The Liar's Non-Paradox: Why Liar Sentences Present No Problems for the Concept of Truth
This book explains why neither the Liar's Paradox nor any of its alternate forms, like the Revenge Liar or the Strengthened Liar, lead to any contradictions which could affect the meaningfulness or applicability of our ordinary understanding of truth. More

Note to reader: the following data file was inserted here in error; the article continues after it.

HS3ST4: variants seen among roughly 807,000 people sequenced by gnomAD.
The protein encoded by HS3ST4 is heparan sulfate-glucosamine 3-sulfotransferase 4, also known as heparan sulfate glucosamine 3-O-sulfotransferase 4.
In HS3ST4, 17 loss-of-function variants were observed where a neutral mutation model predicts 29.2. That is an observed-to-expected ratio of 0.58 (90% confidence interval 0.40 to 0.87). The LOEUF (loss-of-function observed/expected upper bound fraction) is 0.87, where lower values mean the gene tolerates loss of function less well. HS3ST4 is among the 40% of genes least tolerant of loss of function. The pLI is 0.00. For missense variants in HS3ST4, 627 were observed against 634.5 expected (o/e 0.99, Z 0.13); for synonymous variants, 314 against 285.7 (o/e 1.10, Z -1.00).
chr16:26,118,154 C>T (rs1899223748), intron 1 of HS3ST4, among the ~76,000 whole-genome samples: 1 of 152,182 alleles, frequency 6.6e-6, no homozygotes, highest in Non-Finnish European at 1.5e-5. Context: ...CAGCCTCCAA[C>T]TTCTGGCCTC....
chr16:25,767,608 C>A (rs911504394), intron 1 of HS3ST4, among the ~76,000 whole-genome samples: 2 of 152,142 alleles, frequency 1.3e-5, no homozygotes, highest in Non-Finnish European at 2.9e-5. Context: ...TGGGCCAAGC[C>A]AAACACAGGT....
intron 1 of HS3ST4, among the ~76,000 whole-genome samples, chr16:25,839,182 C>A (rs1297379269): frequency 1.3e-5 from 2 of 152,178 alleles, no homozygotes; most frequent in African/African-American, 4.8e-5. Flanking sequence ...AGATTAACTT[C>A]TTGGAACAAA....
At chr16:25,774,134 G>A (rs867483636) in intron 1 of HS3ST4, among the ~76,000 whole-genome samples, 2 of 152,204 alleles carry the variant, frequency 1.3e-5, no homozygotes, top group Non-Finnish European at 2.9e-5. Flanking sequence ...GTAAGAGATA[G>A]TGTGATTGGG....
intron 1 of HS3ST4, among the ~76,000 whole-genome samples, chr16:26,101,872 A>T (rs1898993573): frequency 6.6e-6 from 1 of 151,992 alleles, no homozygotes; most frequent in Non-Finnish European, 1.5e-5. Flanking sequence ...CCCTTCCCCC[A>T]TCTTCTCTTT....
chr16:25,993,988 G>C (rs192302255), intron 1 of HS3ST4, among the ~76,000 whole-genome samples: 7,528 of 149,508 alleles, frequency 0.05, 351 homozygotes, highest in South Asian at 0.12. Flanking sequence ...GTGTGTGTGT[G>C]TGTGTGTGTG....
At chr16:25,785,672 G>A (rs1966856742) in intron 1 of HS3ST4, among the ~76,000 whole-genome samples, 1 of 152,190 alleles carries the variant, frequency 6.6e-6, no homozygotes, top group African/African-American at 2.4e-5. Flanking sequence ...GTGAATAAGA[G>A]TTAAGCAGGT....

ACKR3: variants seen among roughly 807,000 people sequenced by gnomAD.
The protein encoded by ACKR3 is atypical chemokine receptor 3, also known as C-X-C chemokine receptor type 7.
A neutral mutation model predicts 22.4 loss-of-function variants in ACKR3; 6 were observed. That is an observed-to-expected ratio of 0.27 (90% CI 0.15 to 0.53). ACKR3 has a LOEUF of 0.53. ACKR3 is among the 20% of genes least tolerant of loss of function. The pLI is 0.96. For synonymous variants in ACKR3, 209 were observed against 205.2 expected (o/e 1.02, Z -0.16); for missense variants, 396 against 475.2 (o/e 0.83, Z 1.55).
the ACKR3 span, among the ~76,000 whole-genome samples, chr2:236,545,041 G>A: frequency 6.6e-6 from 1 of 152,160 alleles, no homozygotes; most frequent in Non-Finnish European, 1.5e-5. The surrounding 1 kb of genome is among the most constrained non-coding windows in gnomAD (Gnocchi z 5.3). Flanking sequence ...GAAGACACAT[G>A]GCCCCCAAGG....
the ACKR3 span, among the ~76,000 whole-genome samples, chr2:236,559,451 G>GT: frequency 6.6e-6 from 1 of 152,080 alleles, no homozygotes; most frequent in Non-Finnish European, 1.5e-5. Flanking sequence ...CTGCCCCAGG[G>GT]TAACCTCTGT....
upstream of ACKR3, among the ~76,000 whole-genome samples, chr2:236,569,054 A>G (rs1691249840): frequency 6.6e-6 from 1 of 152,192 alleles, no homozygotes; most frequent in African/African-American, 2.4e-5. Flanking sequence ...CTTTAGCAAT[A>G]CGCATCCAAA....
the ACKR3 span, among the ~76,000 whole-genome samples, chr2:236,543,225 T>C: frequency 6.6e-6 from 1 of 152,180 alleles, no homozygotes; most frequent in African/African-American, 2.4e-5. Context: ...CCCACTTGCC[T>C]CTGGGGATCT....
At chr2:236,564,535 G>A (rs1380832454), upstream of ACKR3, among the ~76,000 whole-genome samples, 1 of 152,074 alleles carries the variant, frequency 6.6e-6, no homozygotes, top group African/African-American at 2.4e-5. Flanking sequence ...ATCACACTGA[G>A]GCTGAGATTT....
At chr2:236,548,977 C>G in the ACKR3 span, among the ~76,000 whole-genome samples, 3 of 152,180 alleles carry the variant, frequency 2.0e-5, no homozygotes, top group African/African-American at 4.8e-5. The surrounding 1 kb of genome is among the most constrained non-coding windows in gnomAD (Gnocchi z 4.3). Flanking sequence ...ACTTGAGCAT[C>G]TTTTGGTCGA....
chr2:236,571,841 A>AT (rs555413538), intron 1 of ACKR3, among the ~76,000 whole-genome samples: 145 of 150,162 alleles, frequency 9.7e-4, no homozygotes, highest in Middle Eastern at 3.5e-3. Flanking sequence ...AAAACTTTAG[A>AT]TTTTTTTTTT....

The Liar's Non-Paradox explains why the Liar's Paradox is not a paradox of all because the Liar sentence does not have truth potential and cannot be confirmed. Its superficially convincing contradiction ("If 'This sentence is false' is true, then it is false, but if it is false, then it is true") depends completely upon hypothetical premises which cannot support the conclusion that our ordinary concept of truth is deficient because it does not extend to all assertions. The author sets out in detail why that position is invalid and why the proper conclusion is that the Liar sentence is neither true nor false. He then goes on to explain why the back-up arguments of Liar proponents, such as the Strengthened Liar and the Revenge Liar, do not salvage their contentions about the existence of serious problems for the concept of truth due to a Liar. Because the Liar's Paradox does not present a meaningful contradiction, it creates no paradox. Therefore, the numerous efforts which have been made to curtail or mitigate the supposed problems stemming from this faux paradox have been unnecessary.